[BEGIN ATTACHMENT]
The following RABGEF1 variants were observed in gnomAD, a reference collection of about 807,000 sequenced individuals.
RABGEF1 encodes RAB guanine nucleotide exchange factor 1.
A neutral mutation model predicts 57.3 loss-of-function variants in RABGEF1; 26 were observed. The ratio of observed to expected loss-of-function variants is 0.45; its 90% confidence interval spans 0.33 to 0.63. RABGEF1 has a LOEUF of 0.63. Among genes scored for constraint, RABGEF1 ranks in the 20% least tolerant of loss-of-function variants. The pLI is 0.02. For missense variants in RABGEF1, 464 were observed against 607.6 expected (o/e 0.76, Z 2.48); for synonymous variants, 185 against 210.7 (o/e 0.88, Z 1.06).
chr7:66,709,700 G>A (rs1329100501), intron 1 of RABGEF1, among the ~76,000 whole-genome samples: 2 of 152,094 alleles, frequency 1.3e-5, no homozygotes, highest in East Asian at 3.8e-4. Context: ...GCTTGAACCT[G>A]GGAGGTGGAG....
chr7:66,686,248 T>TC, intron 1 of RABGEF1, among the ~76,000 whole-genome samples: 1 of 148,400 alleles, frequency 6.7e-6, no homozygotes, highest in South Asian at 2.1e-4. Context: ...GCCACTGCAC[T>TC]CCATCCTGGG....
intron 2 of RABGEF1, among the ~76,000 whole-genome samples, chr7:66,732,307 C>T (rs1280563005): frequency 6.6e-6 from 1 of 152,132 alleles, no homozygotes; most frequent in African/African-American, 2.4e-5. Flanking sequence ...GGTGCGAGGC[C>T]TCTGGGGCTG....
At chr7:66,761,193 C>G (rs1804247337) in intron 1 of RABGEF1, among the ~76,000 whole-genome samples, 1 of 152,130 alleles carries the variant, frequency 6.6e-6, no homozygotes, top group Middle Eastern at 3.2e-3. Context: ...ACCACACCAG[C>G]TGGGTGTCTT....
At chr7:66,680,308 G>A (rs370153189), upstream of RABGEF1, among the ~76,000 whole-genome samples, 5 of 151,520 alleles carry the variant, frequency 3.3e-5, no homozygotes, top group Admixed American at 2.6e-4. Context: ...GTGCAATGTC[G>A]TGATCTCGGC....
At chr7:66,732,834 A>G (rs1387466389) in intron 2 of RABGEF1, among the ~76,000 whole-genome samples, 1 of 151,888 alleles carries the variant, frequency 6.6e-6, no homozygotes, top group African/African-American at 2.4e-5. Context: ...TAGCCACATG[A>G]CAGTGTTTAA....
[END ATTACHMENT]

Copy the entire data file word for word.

The following RABGEF1 variants were observed in gnomAD, a reference collection of about 807,000 sequenced individuals.
RABGEF1 encodes RAB guanine nucleotide exchange factor 1.
A neutral mutation model predicts 57.3 loss-of-function variants in RABGEF1; 26 were observed. The ratio of observed to expected loss-of-function variants is 0.45; its 90% confidence interval spans 0.33 to 0.63. RABGEF1 has a LOEUF of 0.63. Among genes scored for constraint, RABGEF1 ranks in the 20% least tolerant of loss-of-function variants. The pLI is 0.02. For missense variants in RABGEF1, 464 were observed against 607.6 expected (o/e 0.76, Z 2.48); for synonymous variants, 185 against 210.7 (o/e 0.88, Z 1.06).
chr7:66,709,700 G>A (rs1329100501), intron 1 of RABGEF1, among the ~76,000 whole-genome samples: 2 of 152,094 alleles, frequency 1.3e-5, no homozygotes, highest in East Asian at 3.8e-4. Context: ...GCTTGAACCT[G>A]GGAGGTGGAG....
chr7:66,686,248 T>TC, intron 1 of RABGEF1, among the ~76,000 whole-genome samples: 1 of 148,400 alleles, frequency 6.7e-6, no homozygotes, highest in South Asian at 2.1e-4. Context: ...GCCACTGCAC[T>TC]CCATCCTGGG....
intron 2 of RABGEF1, among the ~76,000 whole-genome samples, chr7:66,732,307 C>T (rs1280563005): frequency 6.6e-6 from 1 of 152,132 alleles, no homozygotes; most frequent in African/African-American, 2.4e-5. Flanking sequence ...GGTGCGAGGC[C>T]TCTGGGGCTG....
At chr7:66,761,193 C>G (rs1804247337) in intron 1 of RABGEF1, among the ~76,000 whole-genome samples, 1 of 152,130 alleles carries the variant, frequency 6.6e-6, no homozygotes, top group Middle Eastern at 3.2e-3. Context: ...ACCACACCAG[C>G]TGGGTGTCTT....
At chr7:66,680,308 G>A (rs370153189), upstream of RABGEF1, among the ~76,000 whole-genome samples, 5 of 151,520 alleles carry the variant, frequency 3.3e-5, no homozygotes, top group Admixed American at 2.6e-4. Context: ...GTGCAATGTC[G>A]TGATCTCGGC....
At chr7:66,732,834 A>G (rs1387466389) in intron 2 of RABGEF1, among the ~76,000 whole-genome samples, 1 of 151,888 alleles carries the variant, frequency 6.6e-6, no homozygotes, top group African/African-American at 2.4e-5. Context: ...TAGCCACATG[A>G]CAGTGTTTAA....